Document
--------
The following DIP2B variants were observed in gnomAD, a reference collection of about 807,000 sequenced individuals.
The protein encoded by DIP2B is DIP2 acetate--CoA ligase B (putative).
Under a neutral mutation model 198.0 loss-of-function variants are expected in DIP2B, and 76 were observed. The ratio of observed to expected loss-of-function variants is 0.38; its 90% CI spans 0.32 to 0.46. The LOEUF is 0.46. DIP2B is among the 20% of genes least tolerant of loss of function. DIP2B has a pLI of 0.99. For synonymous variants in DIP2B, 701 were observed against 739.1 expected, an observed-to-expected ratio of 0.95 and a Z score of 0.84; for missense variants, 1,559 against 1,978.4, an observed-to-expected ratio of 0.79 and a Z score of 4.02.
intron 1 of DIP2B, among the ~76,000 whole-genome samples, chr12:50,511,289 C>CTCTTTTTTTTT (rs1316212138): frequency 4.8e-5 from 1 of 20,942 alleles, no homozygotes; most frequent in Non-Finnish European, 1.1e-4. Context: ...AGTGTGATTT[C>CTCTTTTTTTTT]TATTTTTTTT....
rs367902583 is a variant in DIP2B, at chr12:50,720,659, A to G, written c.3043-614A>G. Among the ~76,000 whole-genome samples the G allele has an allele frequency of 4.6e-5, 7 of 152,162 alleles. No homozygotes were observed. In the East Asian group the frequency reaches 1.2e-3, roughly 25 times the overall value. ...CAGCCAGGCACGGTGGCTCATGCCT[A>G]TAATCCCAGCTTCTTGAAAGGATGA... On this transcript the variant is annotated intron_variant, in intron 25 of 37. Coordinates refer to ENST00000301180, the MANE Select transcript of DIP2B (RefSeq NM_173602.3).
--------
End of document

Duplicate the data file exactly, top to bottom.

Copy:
The following DIP2B variants were observed in gnomAD, a reference collection of about 807,000 sequenced individuals.
The protein encoded by DIP2B is DIP2 acetate--CoA ligase B (putative).
Under a neutral mutation model 198.0 loss-of-function variants are expected in DIP2B, and 76 were observed. The ratio of observed to expected loss-of-function variants is 0.38; its 90% CI spans 0.32 to 0.46. The LOEUF is 0.46. DIP2B is among the 20% of genes least tolerant of loss of function. DIP2B has a pLI of 0.99. For synonymous variants in DIP2B, 701 were observed against 739.1 expected, an observed-to-expected ratio of 0.95 and a Z score of 0.84; for missense variants, 1,559 against 1,978.4, an observed-to-expected ratio of 0.79 and a Z score of 4.02.
intron 1 of DIP2B, among the ~76,000 whole-genome samples, chr12:50,511,289 C>CTCTTTTTTTTT (rs1316212138): frequency 4.8e-5 from 1 of 20,942 alleles, no homozygotes; most frequent in Non-Finnish European, 1.1e-4. Context: ...AGTGTGATTT[C>CTCTTTTTTTTT]TATTTTTTTT....
rs367902583 is a variant in DIP2B, at chr12:50,720,659, A to G, written c.3043-614A>G. Among the ~76,000 whole-genome samples the G allele has an allele frequency of 4.6e-5, 7 of 152,162 alleles. No homozygotes were observed. In the East Asian group the frequency reaches 1.2e-3, roughly 25 times the overall value. ...CAGCCAGGCACGGTGGCTCATGCCT[A>G]TAATCCCAGCTTCTTGAAAGGATGA... On this transcript the variant is annotated intron_variant, in intron 25 of 37. Coordinates refer to ENST00000301180, the MANE Select transcript of DIP2B (RefSeq NM_173602.3).